Simple site launched to help educate on pronunciation

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andyjeffries

andyjeffries

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Not necessarily, and that's the point of using Korean terminology in the first place - it allows Taekwondoin to at least train together even if the don't fully speak each other's languages. They have a basic shared vocabulary in Korean.

I actually wish it was that simple. A lot of movements have either changed name over the years, so often people can use Korean and still not know what the movement is.

For example, when I did the Kukkiwon Poom/Dan Examiner course in 2015 the examiners told us that Arae Makki is now called Naeryo makki and we should change to the new standardised terminology (which Kukkiwon has a published document on). There were a few other changes, but because it is such a core movement that was the one that everyone was most shocked about.

Now I always use the new term, but if people come from another school, they often don't know the new term.

I had a few Korean friends come to stay with me in July for a couple of weeks and we had to resort to physical demonstrations to understand the terminology for a tornado kick (spin roundhouse kick). We use the older term Narabang (나라방) and the current Kukkiwon standard term Dolgae Chagi (돌개 차기), but in Korea it's commonly called "Turn" Chagi (턴 차기) - they do like their English loan words!

But I agree, there are plenty of times I've been teaching people from other countries and having the Korean terminology (particularly an understanding of the words behind it) really helped in communicating without a shared language.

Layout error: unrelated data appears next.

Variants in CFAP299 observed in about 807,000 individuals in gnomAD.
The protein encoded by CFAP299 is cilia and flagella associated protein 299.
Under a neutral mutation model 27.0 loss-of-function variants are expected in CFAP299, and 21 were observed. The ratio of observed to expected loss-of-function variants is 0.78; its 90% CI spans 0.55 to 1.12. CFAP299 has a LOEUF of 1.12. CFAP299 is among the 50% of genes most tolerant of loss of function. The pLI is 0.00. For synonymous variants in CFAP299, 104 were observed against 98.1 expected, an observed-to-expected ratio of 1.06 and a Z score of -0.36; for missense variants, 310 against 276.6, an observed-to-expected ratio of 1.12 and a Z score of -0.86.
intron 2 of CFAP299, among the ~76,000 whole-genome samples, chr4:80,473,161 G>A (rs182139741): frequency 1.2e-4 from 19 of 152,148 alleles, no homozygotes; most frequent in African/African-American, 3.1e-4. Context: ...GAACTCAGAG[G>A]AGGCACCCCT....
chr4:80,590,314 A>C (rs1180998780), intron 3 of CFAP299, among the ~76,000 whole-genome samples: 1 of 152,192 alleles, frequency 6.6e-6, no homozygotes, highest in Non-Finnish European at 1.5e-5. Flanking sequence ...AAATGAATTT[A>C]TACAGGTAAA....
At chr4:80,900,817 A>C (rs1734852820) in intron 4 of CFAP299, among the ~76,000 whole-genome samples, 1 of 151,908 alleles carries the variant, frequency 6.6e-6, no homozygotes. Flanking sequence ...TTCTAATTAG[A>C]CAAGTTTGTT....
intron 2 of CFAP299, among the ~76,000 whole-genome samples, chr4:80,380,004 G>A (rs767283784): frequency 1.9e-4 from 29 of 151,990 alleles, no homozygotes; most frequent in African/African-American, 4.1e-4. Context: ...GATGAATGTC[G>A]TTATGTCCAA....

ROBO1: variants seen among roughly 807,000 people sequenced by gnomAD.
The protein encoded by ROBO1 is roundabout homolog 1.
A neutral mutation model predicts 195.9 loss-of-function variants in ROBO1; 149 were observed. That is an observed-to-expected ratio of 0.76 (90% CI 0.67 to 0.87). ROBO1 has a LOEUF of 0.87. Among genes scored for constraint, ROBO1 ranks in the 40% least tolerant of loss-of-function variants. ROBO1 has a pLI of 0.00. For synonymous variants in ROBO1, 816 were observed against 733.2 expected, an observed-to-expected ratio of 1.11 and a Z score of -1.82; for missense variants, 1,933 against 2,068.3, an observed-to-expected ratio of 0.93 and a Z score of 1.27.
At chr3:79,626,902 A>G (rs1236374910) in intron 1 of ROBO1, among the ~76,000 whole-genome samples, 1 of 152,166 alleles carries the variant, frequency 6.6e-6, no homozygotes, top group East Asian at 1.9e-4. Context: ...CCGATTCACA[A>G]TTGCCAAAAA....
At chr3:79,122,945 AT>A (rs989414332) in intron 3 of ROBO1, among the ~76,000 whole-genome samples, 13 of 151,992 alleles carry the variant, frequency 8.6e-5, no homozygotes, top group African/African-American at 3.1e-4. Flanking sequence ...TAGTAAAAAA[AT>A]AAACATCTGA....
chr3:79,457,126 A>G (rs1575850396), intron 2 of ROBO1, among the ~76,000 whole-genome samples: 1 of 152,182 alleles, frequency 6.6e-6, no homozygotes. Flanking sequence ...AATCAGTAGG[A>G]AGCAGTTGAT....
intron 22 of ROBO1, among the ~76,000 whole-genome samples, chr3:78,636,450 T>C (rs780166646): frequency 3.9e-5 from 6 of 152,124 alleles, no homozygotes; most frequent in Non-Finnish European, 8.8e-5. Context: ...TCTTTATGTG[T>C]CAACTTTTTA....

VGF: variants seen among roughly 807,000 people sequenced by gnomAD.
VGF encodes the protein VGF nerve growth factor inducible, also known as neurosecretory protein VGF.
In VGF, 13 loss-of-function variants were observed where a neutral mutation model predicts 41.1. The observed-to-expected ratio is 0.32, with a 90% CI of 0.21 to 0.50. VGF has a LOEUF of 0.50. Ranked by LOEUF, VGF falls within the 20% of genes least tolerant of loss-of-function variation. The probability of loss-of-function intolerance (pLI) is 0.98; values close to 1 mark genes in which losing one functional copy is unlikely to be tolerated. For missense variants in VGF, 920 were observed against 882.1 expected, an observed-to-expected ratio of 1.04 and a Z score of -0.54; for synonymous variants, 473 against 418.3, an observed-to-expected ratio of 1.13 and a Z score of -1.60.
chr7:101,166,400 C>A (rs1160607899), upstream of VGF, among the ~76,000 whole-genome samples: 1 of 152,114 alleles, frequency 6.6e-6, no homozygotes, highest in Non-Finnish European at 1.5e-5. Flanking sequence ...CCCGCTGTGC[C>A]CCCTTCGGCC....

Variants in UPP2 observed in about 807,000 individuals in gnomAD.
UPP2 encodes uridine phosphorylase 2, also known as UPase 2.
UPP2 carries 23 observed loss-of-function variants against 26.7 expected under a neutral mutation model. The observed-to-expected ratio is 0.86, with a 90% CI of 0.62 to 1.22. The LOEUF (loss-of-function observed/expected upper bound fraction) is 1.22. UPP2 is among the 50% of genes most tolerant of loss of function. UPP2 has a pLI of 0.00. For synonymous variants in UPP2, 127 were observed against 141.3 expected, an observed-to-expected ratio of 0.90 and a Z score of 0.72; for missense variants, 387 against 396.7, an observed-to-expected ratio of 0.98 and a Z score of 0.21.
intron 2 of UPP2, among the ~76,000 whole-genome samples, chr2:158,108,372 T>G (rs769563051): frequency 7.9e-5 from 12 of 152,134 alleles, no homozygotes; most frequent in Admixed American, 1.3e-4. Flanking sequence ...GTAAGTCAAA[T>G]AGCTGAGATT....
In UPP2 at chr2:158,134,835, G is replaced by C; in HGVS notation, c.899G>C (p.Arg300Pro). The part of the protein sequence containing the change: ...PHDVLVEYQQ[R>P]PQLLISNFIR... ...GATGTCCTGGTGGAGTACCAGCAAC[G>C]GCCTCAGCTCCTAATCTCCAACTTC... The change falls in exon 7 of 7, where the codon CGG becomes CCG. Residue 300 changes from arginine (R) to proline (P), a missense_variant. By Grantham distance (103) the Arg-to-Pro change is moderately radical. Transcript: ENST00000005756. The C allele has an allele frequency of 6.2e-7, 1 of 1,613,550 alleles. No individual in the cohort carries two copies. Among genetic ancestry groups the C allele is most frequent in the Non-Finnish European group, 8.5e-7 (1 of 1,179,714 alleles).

How sure are you? My Korean pronunciation is relatively good, and I have spent a lot of time on it. My Korean friends don't always understand what I mean. Sometimes they correct my pronunciation in a way where I can't even hear a difference. That's the problem.

Hahahaha, amen brother! I can pronounce the difference between ㅂ, ㅍ & ㅃ (b, p and bb) but often when Korean people talk to me I can't quite detect the difference easily and have to resort to understanding the context to help me. In a sentence 팔 (arm) and 발 (foot) are almost indistinguishable to my ear!
 

Archtkd

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According to the announcer/MC at the Taekwondo Grand Prix last weekend, the BBC also officially pronounces it broken. He tried to educate them, but they told him to say it the broken way. I've asked him to get me the details of someone in that department to try to help them. If anyone has a contact at the Cambridge English Dictionary, I'm happy to chase them too.
Andyjeffries: you may be fighting a losing battle, akin to the one over Iraq. Many American who have been to Irag, fought there, lost limb helping "liberate" the place and others who have politicized every aspect of the conflict for their own gain, continue to mispronounce Iraq's. It sometimes sounds as if it's done intentionally, as if to tell Iraqis we will call you whatever what we want to call you because you are inconsequential people whose culture or heritage we shouldn't care about.
 

gpseymour

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Andyjeffries: you may be fighting a losing battle, akin to the one over Iraq. Many American who have been to Irag, fought there, lost limb helping "liberate" the place and others who have politicized every aspect of the conflict for their own gain, continue to mispronounce Iraq's. It sometimes sounds as if it's done intentionally, as if to tell Iraqis we will call you whatever what we want to call you because you are inconsequential people whose culture or heritage we shouldn't care about.
Most countries don't use the proper current pronunciation of other places. When I was in Lisbon a few years ago, I learned that "Lisbon" isn't particularly close to the way it is pronounced in Continental Portuguese, and France uses a very similar name. Our names for many other places in Portugal turn out to be significantly off. The same is true for the English names for many things in France, and so on.
 
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